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I grow them for my husband to use in cooking. Also, if I grow plants that he can use (eat, cook with, etc), I can get away with buying other plants like hibiscus, palms, million bells, hoyas, etc, etc, etc...;)
I have a chocolate mint plant in a container on the back deck (i dare not put it directly in the ground, lol!), i love the scent when you brush against it, clip off a piece, or even when you water it. i prefer it in my teas.
I redid my old vegetable garden into a herb garden, with specific sections (culinary, medicinal, magical, etc.). Took me awhile to populate it and recognize the plants and their growth habits. Now moving toward understanding how to use them. Slow but very fun process. This pic was a few years back, and it is much much more overgrown now.
bonehead, your grass must not be invasive or else you spend a lot of time weeding it out of your beds. We have Bermuda grass, so every bed has to be dug, lined with weed fabric, then refilled and soil amendments added. Even after all that I still fight the BG almost daily.
The only thing I have been able to keep alive over the years is Lavender and I really enjoy sharing it with friends. I make sachets and share them with everyone. The scent is heavenly and so worth the work of carefully clipping individual shafts of flowers to get the maximum amount of buds from my 3 plants each year.
Frogy, it's just PNW pasture grass, whatever that might be. When we built our house we never really had time to do anything with the yard and just started mowing around it to keep the thistles and nettles down. Over the years, we've dug in flower beds and such but still have never planted 'real' grass or leveled it off. The herb garden was my old veggie garden and I've always had the grass paths. They are not too bad to keep under control, we have a small push mower we run in there, I do a major edging once a year, and try to keep it mulched. Some years are more successful than others. This year kind of got away from me (lots of rain in June and I didn't get the mulch down soon enough), but most of the herbs die back to nothing in the fall so I can always start fresh in the spring. Very much a hands-on learning project.
I love to cook with my own herbs with my favorites being thyme, rosemary & basil. Each year I try to add at least 2 new herbs to the garden. Even though I wanted try italian parsley (again!! no success with this one for some reason), this year only added more thyme. I was very concerned with the weather this winter/spring and thought this year would be a drought year. Glad I chose not to add new plants. The thyme planted are struggling in the drought and heat. So dry that even my lemon balm is not up to it's usual vigor. Lovage & lavender is doing really well though. Does garlic count? Probably considered a bulb rather than a herb, but did a lot of that this year. Next year I want to add new stuff instead of just thyme. Let's hope next year's weather is not a repeat of this years.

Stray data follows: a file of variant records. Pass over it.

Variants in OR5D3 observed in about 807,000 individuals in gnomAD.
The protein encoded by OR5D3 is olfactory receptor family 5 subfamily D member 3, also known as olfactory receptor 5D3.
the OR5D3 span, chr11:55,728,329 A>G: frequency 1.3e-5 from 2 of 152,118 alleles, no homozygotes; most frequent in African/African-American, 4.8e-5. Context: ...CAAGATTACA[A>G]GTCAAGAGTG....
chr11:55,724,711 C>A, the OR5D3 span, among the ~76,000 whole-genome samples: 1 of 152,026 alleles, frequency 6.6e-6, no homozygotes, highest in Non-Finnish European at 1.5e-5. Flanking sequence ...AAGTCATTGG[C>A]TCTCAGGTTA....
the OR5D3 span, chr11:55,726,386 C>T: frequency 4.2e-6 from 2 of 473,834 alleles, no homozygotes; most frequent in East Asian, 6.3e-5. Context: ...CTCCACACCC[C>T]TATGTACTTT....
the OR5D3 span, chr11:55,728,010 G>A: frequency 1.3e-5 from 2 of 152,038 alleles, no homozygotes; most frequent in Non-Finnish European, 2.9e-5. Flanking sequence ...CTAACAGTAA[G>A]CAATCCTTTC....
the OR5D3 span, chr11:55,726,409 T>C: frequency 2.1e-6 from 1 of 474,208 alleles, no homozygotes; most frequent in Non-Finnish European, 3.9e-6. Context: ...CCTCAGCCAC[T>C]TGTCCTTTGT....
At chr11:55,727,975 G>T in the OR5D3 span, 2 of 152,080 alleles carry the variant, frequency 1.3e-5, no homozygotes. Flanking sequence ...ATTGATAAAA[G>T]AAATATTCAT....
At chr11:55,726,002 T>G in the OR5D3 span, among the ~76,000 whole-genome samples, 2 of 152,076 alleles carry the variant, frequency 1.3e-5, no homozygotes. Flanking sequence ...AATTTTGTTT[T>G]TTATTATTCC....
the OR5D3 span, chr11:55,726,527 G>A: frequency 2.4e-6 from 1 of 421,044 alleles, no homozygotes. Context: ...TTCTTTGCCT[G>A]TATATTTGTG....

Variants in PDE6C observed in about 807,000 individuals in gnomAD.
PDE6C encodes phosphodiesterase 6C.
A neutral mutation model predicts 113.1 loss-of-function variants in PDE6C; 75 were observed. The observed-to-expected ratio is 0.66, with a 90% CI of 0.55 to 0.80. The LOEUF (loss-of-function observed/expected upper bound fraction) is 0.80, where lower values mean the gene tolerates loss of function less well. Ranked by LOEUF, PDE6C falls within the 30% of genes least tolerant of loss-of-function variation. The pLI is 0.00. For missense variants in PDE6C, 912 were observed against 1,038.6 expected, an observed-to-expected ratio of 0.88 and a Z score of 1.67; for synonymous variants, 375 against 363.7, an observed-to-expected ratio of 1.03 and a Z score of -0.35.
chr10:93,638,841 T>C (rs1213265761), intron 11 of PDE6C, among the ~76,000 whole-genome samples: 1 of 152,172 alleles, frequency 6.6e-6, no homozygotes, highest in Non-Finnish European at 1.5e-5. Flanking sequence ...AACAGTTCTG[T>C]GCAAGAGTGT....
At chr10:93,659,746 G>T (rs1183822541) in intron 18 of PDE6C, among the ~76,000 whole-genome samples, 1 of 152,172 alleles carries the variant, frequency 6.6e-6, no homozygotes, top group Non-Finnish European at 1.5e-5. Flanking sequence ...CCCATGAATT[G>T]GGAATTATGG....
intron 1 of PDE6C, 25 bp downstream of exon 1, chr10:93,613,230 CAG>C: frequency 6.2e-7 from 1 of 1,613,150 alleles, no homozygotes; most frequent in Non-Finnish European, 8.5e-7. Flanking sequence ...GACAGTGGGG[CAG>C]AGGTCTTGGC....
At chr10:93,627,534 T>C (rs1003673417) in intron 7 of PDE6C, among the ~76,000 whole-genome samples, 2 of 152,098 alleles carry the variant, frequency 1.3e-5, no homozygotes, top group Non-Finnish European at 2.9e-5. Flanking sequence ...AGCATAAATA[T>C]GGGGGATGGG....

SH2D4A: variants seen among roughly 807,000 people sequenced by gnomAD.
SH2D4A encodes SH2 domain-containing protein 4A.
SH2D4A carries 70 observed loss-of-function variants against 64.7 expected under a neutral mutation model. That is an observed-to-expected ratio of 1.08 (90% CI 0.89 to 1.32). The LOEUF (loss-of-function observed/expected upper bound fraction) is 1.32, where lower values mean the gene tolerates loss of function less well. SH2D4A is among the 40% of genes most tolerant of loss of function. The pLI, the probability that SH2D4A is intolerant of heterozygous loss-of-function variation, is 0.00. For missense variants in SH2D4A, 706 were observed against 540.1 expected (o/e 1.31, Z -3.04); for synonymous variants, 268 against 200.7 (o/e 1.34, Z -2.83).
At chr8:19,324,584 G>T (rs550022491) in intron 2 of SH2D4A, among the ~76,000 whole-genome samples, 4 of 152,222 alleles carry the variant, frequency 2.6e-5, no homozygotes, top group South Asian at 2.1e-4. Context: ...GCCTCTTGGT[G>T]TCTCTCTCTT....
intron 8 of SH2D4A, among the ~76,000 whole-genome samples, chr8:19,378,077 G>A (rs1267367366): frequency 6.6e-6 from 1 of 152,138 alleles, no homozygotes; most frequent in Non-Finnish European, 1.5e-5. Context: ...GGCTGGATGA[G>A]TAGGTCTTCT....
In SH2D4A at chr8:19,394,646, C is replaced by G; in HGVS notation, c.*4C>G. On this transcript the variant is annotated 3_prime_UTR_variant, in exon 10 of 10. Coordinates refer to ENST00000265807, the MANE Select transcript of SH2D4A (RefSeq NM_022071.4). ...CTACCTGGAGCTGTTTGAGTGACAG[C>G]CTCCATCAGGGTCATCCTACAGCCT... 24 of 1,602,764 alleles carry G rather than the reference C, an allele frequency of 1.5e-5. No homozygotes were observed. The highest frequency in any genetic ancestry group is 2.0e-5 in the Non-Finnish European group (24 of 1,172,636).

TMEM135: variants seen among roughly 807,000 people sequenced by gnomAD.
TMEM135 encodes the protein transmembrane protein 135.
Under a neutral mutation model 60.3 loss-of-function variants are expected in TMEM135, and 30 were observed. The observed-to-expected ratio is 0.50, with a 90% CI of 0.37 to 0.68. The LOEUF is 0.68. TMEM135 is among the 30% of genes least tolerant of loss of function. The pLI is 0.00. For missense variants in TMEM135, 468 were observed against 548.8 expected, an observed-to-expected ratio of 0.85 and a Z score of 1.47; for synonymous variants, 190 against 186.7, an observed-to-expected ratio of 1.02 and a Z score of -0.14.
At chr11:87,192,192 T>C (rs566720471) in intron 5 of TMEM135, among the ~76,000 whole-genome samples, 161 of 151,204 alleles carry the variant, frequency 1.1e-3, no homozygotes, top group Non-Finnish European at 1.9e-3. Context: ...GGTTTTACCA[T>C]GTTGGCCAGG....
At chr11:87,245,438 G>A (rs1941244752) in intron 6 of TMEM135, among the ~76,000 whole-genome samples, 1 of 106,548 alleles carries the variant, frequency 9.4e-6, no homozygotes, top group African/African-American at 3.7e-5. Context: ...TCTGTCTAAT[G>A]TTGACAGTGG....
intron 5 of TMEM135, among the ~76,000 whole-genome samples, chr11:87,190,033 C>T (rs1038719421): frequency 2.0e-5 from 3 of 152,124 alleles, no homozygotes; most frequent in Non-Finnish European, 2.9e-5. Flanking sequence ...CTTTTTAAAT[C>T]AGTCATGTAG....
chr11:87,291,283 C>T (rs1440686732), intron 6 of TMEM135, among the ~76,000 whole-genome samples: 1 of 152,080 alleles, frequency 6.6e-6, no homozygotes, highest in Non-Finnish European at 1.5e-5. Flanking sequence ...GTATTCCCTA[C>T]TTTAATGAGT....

I grow sage for my holiday turkeys. All of my herbs, except the sage, are burned to a crisp this year. Bad, bad drought. But I've already harvested enough sage, and plan to harvest more. It has done well for me this year. It's the second year for the same plant. Imagine that...
I just have one big planter on the deck with herbs, and even though they are watered regularly, they are looking poorly with this heat. I did purple basil, dill, regular basil, creeping rosemary, sage and lemon balm. Might pull them up and hang them to dry. I also have two volunteer Italian Parsley. one in of the raised beds, and one growing out of the mulch on the ground surrounding the bed. These must be toughies from last year. My onions are looking good and we have lots of green tomatos. Everything else is just sickly looking and not producing worth a hoot, not even the zukes and cukes. I made pesto the other night with some of the basil. Next year has to be better, right???
I have lots of different herbs in my herb garden but mostly just use basil, chives, rosemary and thyme for cooking. I love parsley, cilantro and dill but they only grow in the cooler weather here in Houston. So I have to wait for them each year. The others I have are just nice looking or I use them rarely in the kitchen :)
Most of the above. I like herbs for cooking. I use them fresh and also dry them for use later in the season.
And I like to share freshly dried herbs with my two sweet daughters.
I like the idea that herbs can be used medicinally. I also like some to grow herbs for my own therapy as I am a 'touch and sniff' gardener when it comes to plants. I find it ever so soothing to run my hands through the rosemary or basils and inhale deeply.
It is always a delight to see the herbal blooms attract bees & butterflies. I grew Borage for the first time this spring and it was an excellent draw for the pollinators.
I also grow some herbs (catnip) for just plain entertainment ~ mine as well as my four legged friends. Kristi
I garden to help and enjoy the butterflies. So many herbs and veggies are host to a variety of butterflies. If I want them for me, I just plant more. Here is the black swallowtail that host plant (that eggs are laid on and caterpillars feed on) is parsley, dill, fennel, and rue at my house.
I didn't know about all of this until I came to Dave's Garden!!